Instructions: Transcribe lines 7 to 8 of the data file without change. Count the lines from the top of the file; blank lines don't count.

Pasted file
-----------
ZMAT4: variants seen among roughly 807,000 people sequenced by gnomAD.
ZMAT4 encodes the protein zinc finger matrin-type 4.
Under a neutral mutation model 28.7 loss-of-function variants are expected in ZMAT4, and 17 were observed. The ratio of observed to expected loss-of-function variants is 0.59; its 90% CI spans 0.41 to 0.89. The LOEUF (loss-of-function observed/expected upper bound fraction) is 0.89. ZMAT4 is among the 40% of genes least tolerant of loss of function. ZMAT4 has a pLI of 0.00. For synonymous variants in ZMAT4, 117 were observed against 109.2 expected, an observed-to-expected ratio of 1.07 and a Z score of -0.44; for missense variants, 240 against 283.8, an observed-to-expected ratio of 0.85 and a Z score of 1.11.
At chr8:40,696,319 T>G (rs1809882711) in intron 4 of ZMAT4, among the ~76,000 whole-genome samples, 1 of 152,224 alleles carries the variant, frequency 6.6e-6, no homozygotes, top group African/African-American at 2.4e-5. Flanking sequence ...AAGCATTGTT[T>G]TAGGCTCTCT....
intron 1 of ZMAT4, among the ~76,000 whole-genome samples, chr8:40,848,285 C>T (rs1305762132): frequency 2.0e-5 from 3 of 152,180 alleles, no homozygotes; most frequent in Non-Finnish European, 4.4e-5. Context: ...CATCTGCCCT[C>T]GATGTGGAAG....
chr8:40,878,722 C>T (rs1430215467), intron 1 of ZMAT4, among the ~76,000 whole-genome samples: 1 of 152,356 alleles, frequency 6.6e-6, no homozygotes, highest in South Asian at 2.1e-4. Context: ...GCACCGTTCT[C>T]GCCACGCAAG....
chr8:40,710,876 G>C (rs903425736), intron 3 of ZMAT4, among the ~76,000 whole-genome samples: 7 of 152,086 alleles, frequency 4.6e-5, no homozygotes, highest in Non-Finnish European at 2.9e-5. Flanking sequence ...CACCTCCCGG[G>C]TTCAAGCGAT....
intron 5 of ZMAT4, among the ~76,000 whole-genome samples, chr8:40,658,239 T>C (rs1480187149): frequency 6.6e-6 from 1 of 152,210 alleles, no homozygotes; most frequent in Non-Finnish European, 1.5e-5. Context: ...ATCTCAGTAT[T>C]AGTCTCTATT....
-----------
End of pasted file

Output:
chr8:40,710,876 G>C (rs903425736), intron 3 of ZMAT4, among the ~76,000 whole-genome samples: 7 of 152,086 alleles, frequency 4.6e-5, no homozygotes, highest in Non-Finnish European at 2.9e-5. Flanking sequence ...CACCTCCCGG[G>C]TTCAAGCGAT....
intron 5 of ZMAT4, among the ~76,000 whole-genome samples, chr8:40,658,239 T>C (rs1480187149): frequency 6.6e-6 from 1 of 152,210 alleles, no homozygotes; most frequent in Non-Finnish European, 1.5e-5. Context: ...ATCTCAGTAT[T>C]AGTCTCTATT....